So  what  happened  to  them ?

Peter - no  relation  to Colin -  Firth  of  course  continues  to  have  a  successful  acting  career  although  it's  never  quite  hit  the  heights  that  his  Oscar  nomination  for  Equus  once  promised. He  apparently  doesn't  welcome  enquiries  about  the  series.

Brinsley  Forde  continued  in  acting  but  from  1975  onwards  was  more  involved  in  music  as part  of  the  British  reggae  band  Aswad . They  seemed  doomed  to  eternal  support  slots  as  a critically  respected  but  low-selling  niche  act  until  a  decision  to  record  more  commercial material  saw  them  score  a  number  one  with  "Don't  Turn  Around"  in  1988. They  enjoyed fairly  regular  hits  until  1996  when  Forde's  decision  to  quit  for  spiritual  reasons  ended  their period  in  the  sun. Since  then  he  has  become  a  radio  presenter  on  6  Music   and  taken  the odd acting  role. A  few  days  ago  he  was  given  an  OBE  in  the  New  Year. In  recent  years  he  has  become  more  amenable  to  discussing  the  series  seeing  his  participation  as  an  important  role  model  for  black  children  in  the  seventies.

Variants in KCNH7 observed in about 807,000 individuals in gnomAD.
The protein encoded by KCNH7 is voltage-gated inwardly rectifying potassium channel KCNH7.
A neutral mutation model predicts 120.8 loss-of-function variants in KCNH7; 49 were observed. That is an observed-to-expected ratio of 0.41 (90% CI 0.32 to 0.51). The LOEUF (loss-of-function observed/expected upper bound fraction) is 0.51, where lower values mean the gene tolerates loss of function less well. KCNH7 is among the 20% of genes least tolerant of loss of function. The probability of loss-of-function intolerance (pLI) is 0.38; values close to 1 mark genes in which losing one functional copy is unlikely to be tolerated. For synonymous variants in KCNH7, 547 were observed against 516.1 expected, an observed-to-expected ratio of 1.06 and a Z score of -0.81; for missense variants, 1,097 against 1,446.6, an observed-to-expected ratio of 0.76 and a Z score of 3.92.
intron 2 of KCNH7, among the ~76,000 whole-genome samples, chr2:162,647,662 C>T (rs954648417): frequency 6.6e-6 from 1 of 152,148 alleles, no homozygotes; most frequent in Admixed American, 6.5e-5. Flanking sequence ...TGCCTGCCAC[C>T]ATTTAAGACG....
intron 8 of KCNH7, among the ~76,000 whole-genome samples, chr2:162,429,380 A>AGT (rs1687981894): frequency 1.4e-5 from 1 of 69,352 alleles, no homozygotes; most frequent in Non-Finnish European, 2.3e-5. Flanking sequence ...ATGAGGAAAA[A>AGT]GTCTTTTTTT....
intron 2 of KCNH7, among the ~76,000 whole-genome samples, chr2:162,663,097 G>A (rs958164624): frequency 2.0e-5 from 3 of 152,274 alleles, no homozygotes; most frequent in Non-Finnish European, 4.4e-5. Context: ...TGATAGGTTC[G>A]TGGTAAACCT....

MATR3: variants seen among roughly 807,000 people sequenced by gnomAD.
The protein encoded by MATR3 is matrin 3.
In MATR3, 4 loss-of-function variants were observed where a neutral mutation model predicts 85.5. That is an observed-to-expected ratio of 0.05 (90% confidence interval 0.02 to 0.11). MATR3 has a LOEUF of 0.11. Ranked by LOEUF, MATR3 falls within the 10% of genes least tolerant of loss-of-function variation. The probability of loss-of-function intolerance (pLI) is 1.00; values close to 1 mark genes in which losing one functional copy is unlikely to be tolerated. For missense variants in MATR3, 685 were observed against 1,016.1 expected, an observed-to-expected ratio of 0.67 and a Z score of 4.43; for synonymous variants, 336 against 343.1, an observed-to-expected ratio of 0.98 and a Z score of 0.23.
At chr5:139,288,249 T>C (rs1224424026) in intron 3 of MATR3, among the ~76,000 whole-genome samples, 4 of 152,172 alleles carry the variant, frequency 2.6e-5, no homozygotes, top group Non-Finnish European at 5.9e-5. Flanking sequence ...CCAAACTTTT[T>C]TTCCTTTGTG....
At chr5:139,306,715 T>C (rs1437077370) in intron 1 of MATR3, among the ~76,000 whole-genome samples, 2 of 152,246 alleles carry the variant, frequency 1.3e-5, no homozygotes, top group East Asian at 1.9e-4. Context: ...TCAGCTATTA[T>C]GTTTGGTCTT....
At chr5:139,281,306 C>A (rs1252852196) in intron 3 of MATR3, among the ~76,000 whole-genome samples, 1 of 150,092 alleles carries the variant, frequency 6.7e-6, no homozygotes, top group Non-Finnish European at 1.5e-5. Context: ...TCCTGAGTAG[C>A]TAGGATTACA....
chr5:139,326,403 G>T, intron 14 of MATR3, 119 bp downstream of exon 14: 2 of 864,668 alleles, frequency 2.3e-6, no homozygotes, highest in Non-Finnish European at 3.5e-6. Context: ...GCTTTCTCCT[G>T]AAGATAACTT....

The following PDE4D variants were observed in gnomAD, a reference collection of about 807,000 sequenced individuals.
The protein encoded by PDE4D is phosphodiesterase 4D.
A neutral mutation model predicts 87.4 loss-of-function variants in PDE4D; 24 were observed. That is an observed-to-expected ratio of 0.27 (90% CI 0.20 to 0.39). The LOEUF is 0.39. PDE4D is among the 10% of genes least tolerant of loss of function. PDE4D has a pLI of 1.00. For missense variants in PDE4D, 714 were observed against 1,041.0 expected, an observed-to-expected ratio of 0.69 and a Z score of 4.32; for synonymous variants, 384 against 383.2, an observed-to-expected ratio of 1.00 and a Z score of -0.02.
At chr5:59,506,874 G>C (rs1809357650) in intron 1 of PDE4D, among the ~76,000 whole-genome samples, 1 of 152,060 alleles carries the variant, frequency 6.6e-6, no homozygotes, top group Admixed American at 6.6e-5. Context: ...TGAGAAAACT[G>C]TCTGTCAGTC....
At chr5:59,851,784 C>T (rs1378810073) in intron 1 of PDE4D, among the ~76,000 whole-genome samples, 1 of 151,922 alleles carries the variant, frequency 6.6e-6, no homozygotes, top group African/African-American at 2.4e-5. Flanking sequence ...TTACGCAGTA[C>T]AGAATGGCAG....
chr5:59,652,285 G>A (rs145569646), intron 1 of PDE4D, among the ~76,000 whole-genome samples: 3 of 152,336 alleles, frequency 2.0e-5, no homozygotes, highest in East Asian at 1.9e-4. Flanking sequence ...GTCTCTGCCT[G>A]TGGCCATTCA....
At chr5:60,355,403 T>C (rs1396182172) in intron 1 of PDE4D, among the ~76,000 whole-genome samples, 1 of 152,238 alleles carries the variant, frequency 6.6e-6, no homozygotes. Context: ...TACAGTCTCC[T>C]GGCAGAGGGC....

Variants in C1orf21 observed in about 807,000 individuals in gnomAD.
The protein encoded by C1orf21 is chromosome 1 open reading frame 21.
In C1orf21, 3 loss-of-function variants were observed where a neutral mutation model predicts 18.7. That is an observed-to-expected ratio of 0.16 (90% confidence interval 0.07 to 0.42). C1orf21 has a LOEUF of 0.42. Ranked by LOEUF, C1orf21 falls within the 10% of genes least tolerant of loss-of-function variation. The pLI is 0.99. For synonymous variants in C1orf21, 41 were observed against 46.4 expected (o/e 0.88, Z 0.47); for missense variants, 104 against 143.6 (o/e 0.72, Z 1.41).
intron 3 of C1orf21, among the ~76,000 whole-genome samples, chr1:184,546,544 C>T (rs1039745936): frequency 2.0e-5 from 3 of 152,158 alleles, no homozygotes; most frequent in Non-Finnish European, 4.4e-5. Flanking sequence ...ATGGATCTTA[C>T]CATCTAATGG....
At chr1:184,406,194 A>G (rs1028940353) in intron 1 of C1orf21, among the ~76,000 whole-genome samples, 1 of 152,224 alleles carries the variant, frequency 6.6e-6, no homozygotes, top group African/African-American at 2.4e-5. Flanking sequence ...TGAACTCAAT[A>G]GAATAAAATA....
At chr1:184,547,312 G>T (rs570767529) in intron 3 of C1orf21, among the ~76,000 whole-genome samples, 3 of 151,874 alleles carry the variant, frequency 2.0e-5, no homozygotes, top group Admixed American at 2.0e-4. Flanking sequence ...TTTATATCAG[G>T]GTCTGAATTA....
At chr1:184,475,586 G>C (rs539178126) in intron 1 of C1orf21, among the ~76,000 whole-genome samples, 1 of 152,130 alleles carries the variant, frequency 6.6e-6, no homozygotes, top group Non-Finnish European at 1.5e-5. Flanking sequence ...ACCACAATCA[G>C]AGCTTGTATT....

Gillian  Bailey  also  continued  in  acting  and  worked  regularly  in  the  seventies  with  a  decent  part  in  Poldark  amongst  others. She  was  in  the  first  episode  of  another  favourite   programme,  Blakes  7 ( though  I  didn't  recognise  her ); her  brutal  death  in  a  massacre  halfway through which  affected  me  quite  strongly  at  the  time, set  the  tone  for  the  whole  series. The work  started  drying  up  in  the  eighties  and  after  a  tiny  part  in  Lovejoy  in  1991  she  quit acting  and  went  to  university  with  the  hope  of  becoming  a  script  editor. That  didn't  work  out but  she  stayed  in  academia, got  a  PhD  and  is  now  head  of  the  Drama  Department  at  the Royal  Holloway  University. She  has  always  been  the  most  approachable  member  of  the  cast for  those  wishing  to  talk  about  the  series.